Facebook has just announced their plans to clean out our news feeds of click-bait articles and headlines – alongside stories that contain links shared in the captions of photos or within status updates. This follows Facebook’s clean up of like-bait, repeated content and spam links from 4 months ago.
Click-bait is a link attached to a headline which will peak your interest without informing you much about the subject. For example, they’re often using phrases such as “click here to find out!” or “you’ll never guess what happens next!” and things of the like.
Facebook’s official release let on a little bit of insight into why this change is taking place:
“Posts like these tend to get a lot of clicks, which means that these posts get shown to more people, and get shown higher up in News Feed. However, when we asked people in an initial survey what type of content they preferred to see in their News Feeds, 80% of the time people preferred headlines that helped them decide if they wanted to read the full article before they had to click through. Over time, stories with “click-bait” headlines can drown out content from friends and Pages that people really care about.”
Click-bait articles are becoming quite popular in our news feeds – but often for the wrong reasons. This release shows that the Facebook ‘population’ would prefer articles from reputable companies which actually tell you what to expect in the written content.
Currently, Facebook’s news feed takes into account the length of stay on certain content and the click-through rate of these said articles or websites alongside the interaction data – meaning likes, comments and shares. Using this data, they claim that articles which are clicked on, then with an extended time spent viewing this content in turn means it was worth looking at. This does not take into account the issue of you opening multiple tabs at once, or opening something and taking a break from your computer – so we’re eager to see how this is dealt with.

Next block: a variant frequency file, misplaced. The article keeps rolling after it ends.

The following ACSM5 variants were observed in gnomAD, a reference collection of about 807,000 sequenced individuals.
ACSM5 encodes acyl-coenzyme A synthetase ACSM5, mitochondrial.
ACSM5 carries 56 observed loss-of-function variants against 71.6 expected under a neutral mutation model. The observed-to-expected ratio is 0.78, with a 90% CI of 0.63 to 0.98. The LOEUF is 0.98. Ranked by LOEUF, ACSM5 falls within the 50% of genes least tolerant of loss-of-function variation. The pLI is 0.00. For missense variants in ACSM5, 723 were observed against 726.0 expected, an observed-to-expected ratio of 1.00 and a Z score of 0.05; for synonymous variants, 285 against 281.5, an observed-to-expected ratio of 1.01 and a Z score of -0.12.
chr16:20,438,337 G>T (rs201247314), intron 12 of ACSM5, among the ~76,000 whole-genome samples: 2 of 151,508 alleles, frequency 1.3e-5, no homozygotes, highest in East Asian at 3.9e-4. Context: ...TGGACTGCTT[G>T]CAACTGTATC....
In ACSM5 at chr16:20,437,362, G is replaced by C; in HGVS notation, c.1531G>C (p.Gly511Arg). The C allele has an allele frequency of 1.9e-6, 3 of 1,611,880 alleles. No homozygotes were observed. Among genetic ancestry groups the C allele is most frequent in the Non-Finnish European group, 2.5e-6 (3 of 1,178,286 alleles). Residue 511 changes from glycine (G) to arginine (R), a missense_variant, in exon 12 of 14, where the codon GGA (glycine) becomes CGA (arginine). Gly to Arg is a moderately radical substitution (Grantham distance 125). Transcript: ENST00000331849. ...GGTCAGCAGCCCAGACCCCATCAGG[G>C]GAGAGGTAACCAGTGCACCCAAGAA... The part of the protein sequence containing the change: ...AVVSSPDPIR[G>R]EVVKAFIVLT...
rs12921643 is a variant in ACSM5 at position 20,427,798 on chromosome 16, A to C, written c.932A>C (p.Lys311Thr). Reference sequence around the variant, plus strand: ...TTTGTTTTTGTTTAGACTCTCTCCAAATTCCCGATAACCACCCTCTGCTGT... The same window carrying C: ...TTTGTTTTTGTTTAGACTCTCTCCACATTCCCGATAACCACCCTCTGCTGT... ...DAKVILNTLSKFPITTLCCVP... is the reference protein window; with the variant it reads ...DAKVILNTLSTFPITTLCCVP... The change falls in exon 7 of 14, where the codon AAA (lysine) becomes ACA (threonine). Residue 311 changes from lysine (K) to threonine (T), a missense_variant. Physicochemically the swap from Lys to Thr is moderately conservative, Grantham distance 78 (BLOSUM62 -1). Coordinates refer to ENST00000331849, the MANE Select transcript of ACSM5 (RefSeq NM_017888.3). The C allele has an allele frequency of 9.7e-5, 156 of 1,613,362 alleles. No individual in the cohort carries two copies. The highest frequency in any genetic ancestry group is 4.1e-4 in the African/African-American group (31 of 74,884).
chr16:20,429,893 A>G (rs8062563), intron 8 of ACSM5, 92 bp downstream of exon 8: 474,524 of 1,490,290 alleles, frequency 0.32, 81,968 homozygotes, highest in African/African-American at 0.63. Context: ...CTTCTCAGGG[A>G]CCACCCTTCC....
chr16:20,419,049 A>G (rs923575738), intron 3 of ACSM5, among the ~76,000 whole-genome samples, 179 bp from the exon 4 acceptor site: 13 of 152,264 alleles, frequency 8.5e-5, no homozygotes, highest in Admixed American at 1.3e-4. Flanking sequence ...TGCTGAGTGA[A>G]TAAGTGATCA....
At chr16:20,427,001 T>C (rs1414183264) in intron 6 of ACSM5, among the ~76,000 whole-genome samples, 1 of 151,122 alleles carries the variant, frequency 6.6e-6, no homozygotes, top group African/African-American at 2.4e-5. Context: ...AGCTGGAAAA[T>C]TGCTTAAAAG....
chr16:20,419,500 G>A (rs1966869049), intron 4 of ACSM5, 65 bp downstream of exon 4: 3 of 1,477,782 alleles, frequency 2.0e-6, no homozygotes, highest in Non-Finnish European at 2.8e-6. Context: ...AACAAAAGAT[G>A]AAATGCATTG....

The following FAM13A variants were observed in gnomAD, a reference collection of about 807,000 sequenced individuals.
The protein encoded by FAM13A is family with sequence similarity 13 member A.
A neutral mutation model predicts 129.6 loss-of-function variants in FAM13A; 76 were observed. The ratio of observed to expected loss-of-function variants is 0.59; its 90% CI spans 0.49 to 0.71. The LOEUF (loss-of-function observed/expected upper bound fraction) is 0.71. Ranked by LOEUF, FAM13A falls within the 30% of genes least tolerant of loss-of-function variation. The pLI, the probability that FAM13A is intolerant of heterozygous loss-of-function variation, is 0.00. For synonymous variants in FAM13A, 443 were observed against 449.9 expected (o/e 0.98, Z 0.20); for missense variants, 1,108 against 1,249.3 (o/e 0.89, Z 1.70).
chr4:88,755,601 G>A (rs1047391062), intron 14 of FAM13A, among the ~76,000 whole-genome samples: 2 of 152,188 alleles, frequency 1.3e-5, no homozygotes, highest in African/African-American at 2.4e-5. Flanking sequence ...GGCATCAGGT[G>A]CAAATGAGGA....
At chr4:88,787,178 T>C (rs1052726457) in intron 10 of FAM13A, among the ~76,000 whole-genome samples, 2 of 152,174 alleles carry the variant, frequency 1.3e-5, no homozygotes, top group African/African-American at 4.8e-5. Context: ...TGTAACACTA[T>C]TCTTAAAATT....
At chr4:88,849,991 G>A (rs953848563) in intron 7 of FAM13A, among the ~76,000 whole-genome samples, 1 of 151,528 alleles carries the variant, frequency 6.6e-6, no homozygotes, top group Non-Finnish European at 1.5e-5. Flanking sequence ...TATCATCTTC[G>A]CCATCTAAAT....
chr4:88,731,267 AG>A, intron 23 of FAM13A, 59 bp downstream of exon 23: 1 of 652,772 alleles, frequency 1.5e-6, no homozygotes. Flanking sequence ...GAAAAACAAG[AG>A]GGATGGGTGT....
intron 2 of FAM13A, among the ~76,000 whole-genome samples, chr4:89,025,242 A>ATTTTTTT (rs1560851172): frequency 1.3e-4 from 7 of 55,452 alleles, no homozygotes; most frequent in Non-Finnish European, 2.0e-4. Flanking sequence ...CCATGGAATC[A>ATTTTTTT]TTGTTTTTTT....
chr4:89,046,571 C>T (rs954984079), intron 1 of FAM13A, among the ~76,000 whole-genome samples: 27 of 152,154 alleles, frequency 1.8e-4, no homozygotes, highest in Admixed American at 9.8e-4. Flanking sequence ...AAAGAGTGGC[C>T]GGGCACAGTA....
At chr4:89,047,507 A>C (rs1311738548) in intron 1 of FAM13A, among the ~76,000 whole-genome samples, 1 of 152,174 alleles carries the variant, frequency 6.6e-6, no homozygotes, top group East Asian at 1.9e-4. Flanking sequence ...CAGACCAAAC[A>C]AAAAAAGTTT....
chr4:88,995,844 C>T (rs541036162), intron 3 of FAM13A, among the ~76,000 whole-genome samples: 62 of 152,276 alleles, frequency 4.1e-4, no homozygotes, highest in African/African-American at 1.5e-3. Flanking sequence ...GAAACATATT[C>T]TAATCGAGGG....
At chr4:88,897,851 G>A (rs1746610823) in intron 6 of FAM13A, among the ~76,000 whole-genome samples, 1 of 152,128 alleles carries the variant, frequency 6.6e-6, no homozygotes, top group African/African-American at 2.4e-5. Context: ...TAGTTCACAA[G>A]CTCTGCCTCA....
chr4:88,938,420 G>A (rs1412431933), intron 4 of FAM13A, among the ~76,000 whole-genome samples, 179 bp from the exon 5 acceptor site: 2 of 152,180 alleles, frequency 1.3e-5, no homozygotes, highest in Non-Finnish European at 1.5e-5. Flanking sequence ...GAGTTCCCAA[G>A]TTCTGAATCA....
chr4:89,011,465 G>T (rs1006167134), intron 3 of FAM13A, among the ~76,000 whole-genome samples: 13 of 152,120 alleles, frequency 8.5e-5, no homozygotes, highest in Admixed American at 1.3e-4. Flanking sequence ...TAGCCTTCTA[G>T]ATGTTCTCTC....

Facebook is also restricting stories with links in the status or in the text caption accompanying a photo. This may become a concern for many legitimate companies trying to push their products with a where to buy link, or possibly event charity organisations attempting to link to donation portals. The release also stated their intentions for this maneuver:
“We’ve found that people often prefer to click on links that are displayed in the link format (which appears when you paste a link while drafting a post), rather than links that are buried in photo captions. The link format shows some additional information associated with the link, such as the beginning of the article, which makes it easier for someone to decide if they want to click through. This format also makes it easier for someone to click through on mobile devices, which have a smaller screen.”
Cover image courtesy of The Sunday Mail
Inset image courtesy of Facebook Newsroom